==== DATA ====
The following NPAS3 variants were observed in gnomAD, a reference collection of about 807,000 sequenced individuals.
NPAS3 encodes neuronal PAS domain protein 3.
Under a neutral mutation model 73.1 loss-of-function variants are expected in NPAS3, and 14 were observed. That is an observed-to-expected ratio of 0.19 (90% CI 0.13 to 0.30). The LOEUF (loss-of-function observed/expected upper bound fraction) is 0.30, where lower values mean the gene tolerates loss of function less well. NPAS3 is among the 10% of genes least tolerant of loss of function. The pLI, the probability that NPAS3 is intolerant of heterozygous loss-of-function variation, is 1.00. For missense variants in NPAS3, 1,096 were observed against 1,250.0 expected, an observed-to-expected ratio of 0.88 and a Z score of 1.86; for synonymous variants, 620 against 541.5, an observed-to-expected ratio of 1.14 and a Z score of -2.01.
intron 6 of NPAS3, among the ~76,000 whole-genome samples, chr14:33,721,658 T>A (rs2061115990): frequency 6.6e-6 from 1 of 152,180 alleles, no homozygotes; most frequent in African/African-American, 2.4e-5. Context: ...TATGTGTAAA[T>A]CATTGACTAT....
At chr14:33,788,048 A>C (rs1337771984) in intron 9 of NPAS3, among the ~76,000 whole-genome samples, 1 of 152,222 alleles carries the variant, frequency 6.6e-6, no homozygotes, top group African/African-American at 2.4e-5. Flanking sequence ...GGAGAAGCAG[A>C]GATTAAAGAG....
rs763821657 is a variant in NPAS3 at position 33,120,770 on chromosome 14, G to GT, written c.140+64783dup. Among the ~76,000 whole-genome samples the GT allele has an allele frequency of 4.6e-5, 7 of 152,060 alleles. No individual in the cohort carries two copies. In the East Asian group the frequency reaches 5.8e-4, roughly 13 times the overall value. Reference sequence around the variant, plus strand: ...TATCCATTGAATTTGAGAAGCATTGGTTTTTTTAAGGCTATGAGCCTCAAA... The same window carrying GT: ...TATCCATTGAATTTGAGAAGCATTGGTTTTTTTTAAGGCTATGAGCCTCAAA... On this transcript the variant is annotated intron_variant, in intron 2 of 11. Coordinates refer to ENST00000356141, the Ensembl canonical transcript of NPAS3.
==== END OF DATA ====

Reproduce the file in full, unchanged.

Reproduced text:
The following NPAS3 variants were observed in gnomAD, a reference collection of about 807,000 sequenced individuals.
NPAS3 encodes neuronal PAS domain protein 3.
Under a neutral mutation model 73.1 loss-of-function variants are expected in NPAS3, and 14 were observed. That is an observed-to-expected ratio of 0.19 (90% CI 0.13 to 0.30). The LOEUF (loss-of-function observed/expected upper bound fraction) is 0.30, where lower values mean the gene tolerates loss of function less well. NPAS3 is among the 10% of genes least tolerant of loss of function. The pLI, the probability that NPAS3 is intolerant of heterozygous loss-of-function variation, is 1.00. For missense variants in NPAS3, 1,096 were observed against 1,250.0 expected, an observed-to-expected ratio of 0.88 and a Z score of 1.86; for synonymous variants, 620 against 541.5, an observed-to-expected ratio of 1.14 and a Z score of -2.01.
intron 6 of NPAS3, among the ~76,000 whole-genome samples, chr14:33,721,658 T>A (rs2061115990): frequency 6.6e-6 from 1 of 152,180 alleles, no homozygotes; most frequent in African/African-American, 2.4e-5. Context: ...TATGTGTAAA[T>A]CATTGACTAT....
At chr14:33,788,048 A>C (rs1337771984) in intron 9 of NPAS3, among the ~76,000 whole-genome samples, 1 of 152,222 alleles carries the variant, frequency 6.6e-6, no homozygotes, top group African/African-American at 2.4e-5. Flanking sequence ...GGAGAAGCAG[A>C]GATTAAAGAG....
rs763821657 is a variant in NPAS3 at position 33,120,770 on chromosome 14, G to GT, written c.140+64783dup. Among the ~76,000 whole-genome samples the GT allele has an allele frequency of 4.6e-5, 7 of 152,060 alleles. No individual in the cohort carries two copies. In the East Asian group the frequency reaches 5.8e-4, roughly 13 times the overall value. Reference sequence around the variant, plus strand: ...TATCCATTGAATTTGAGAAGCATTGGTTTTTTTAAGGCTATGAGCCTCAAA... The same window carrying GT: ...TATCCATTGAATTTGAGAAGCATTGGTTTTTTTTAAGGCTATGAGCCTCAAA... On this transcript the variant is annotated intron_variant, in intron 2 of 11. Coordinates refer to ENST00000356141, the Ensembl canonical transcript of NPAS3.